Archive for 2012

spam

Do you know what I hate? It’s people who think they have the right to send me advertisements, by whatever means, without my agreement. At home, I’ve conveniently places the trash can between the stairs and the mailbox, so that I can chuck the useless junk after retrieving it. Every day I seem to throw out handfuls of paper, and I’m sure that more than a few trees have seen the inside of that trash can.

Telemarketing has gotten so obscenely out-of-hand that I now pay six bucks a month to the phone company for caller ID, and another six bucks a month for their “privacy manager” package. This forces anyone who has suppressed their caller ID to explain who they are before a call is accepted. That still didn’t do the trick, so I have even resorted to forwarding all phone calls to voicemail – if we want to talk to you we’ll call you back.

I am sure to open a newly purchased video near the trash can, so the half-a-dozen advertisements inserted inside can be immediately disposed of. I’ve noticed that even credit card bills seem to be including wads of paper begging me to purchase still more useless junk, and even my store receipts are covered with, of all things, ads for maxi-pads.

Watch a movie on any standard television station and you’ll soon discover that, in most instances, large chunks of plot have been hacked out. Not for reasons of protecting us from violence or bad words or whatever, but so that two hours of film can be reduced to 90 minutes, in order for advertisements to be inserted.

How much advertising does a household need?

Apparently still more is needed, because my wife and I receive easily a thousands or more emails a DAY demanding that we purchase something, explaining how we can receive millions of dollars for no effort or thrilling us with the possibility of increasing the size of various body parts. If we didn’t have excellent spam filters we simply would have to abandon email entirely.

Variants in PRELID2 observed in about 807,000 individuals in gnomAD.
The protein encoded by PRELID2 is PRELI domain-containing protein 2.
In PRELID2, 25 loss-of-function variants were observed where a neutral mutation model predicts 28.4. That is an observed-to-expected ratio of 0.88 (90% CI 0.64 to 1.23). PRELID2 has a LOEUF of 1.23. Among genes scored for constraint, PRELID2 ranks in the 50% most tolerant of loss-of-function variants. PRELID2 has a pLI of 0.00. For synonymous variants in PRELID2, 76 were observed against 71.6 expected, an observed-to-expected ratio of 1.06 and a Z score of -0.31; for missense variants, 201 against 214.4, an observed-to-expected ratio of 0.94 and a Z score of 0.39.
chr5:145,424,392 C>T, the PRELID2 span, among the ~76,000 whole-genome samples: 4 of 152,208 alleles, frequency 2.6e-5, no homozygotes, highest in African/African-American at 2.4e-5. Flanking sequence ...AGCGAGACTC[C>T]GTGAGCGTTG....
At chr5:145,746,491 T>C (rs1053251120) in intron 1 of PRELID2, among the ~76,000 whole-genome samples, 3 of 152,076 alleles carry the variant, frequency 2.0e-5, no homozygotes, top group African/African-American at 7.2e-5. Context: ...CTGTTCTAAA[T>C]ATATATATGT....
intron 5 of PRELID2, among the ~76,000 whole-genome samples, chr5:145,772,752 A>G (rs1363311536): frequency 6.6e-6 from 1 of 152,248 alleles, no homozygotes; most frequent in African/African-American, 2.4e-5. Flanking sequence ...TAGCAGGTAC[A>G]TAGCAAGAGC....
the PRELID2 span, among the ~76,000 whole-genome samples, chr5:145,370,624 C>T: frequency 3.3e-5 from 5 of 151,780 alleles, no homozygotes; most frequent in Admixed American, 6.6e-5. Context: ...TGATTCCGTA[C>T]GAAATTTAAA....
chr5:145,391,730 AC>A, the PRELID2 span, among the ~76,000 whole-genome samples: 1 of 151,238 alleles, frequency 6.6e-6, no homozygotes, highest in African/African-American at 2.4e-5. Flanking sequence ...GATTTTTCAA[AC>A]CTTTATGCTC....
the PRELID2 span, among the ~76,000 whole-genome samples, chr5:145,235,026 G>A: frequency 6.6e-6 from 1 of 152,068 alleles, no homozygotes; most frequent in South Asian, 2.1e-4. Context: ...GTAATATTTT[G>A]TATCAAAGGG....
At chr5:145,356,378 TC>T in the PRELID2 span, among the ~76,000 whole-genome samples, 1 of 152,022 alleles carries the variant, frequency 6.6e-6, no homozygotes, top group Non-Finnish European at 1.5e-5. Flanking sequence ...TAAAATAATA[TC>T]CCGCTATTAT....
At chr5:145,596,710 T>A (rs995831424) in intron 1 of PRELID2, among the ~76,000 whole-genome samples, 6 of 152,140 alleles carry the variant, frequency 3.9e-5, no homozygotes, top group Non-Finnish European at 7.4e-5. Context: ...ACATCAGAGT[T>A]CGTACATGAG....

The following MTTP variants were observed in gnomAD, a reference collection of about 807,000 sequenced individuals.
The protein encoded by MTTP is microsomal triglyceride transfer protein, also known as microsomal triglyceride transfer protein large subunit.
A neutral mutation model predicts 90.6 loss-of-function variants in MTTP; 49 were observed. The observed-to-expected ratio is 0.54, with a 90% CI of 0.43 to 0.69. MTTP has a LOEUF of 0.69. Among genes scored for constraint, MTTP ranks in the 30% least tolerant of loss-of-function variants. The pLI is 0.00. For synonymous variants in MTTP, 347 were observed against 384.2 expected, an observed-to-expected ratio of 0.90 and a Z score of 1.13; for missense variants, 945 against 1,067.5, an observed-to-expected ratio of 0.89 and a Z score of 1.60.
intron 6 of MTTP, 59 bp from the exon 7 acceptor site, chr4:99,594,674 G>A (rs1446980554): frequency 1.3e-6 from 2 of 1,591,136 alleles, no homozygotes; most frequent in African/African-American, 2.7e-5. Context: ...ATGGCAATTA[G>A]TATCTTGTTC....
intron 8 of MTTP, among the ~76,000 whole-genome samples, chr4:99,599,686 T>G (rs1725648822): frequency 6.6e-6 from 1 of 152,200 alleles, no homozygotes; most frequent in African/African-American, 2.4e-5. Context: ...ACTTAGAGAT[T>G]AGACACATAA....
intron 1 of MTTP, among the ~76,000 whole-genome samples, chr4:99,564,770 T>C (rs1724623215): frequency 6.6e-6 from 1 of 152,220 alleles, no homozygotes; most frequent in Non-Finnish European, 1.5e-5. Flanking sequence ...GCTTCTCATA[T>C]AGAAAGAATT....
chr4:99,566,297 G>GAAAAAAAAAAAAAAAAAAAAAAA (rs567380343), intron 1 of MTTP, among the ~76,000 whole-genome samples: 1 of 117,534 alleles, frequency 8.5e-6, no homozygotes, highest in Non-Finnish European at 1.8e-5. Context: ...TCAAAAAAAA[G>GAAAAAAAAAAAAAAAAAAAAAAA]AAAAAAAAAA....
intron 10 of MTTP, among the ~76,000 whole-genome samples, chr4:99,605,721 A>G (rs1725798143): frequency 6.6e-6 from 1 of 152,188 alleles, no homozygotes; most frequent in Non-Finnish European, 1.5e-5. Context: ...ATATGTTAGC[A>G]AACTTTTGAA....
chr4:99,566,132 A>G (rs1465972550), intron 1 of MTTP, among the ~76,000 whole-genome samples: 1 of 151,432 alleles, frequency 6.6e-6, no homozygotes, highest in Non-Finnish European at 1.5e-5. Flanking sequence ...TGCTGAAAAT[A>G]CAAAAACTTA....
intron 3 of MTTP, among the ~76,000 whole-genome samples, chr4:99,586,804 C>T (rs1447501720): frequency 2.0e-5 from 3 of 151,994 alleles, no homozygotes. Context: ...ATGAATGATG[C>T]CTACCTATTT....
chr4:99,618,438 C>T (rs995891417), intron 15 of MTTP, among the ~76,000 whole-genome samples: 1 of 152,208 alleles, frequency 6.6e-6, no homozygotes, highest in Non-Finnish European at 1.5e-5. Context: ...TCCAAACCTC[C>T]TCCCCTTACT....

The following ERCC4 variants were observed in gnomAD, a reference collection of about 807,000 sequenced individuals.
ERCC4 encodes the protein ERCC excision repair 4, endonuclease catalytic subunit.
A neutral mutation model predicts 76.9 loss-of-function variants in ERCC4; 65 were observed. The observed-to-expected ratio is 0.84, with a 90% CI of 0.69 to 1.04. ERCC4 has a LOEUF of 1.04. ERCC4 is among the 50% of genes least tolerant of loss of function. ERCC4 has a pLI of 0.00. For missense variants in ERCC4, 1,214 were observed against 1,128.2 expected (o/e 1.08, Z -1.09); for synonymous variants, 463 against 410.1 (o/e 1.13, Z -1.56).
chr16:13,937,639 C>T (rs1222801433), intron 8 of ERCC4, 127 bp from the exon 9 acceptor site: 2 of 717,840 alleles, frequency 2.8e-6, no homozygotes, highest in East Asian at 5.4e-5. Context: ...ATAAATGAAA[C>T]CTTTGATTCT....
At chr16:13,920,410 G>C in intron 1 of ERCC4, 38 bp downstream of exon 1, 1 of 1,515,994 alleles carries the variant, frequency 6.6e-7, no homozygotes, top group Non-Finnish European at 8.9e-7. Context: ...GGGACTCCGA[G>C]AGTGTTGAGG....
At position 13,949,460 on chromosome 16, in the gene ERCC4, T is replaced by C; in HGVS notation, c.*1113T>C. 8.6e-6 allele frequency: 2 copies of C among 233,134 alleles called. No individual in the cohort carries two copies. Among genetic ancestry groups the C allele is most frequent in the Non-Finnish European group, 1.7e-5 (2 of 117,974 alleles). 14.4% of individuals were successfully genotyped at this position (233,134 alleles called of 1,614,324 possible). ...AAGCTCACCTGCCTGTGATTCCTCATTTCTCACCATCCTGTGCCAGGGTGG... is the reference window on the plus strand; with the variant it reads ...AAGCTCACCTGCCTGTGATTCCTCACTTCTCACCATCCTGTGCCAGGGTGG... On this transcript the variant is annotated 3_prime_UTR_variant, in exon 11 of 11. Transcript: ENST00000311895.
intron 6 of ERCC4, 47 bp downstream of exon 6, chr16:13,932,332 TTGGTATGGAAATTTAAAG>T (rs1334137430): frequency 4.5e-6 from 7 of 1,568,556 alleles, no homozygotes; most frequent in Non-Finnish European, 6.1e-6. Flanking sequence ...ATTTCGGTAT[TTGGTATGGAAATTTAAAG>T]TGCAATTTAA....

In point of fact, surfing the internet without a popup-stopper and ad remover has become so pain as to be impossible. The number of banners, pop-ups, pop-unders, interstitials, animations and other ways of begging us to purchase things as we surf has reached epidemic proportions. Instant messaging has become painful (especially with the more popular services) due to the amount of spam messages, and there are even viruses and spyware programs which can add even more advertisements to your desktop.

The problem of junk email has grown to the point where it is beyond a simple annoyance. In fact, spam is quickly becoming one of the top concerns of Americans, possibly even higher than concerns about terrorism. After all, a terrorist doesn’t bomb your email box every single hour of every single day.

It’s gotten so out-of-hand that people are demanding that things be done. Blacklists have been set up which make it difficult for anyone whose server has been used for spamming to remain in operation. New laws are being passed and discussed, and committees are being started as we speak.

People have now begun doing irrational things to prevent the horror known as spam. They are complaining to their ISPs, demanding that something, anything be done. They are allowing silly laws to be passed which reduce their own constitutional rights. They are putting up with all manner of filters between them and the internet to keep those unwanted messages from their inboxes.

The level of fear among various service providers has gotten so bad that many “zero tolerance” policies are now being written into terms and conditions. Accounts are canceled willy-nilly without so much as an investigation – better to lose one customer (or a few hundred) who is innocent than to take the huge potential risk of being known as a spam haven.

In fact, I used to run several email newsletters. For the last couple of years I happily sent out my newsletters to about two thousand people, all of whom who had requested that they receive this information. Every single one of these subscribers had to not only enter their email address into a form, they had to return a message proving that it was indeed them who requested the subscription. This is known as a “double-opt-in” list, and it’s very foolproof. Very few subscribers (if any) can be added accidentally.

Until I started getting some strange complaints about spamming. It seems that Getresponse.com has a form where people can enter complaints about protential spamming. Someone entered an email that they received from my newsletter service which they claimed was spam.

Well, it wasn’t. In fact, it was the email message that is automatically sent to people when they sign up. This email must be responded to in some manner to prove that they actually want to subscribe.

This is not spam – this is a method to prevent spam.

Getresponse, in their infinite wisdom, simply forwarded this message to me with a link to their anti-spam policy. The amount of thought put into this by Getreponse was obviously zero, as the report was plainly made by a complete bonehead who didn’t even take a second to read the message. They merely forwarded it to me with their little note without even reading it. If they had, they would have discarded the report as silly and stupid.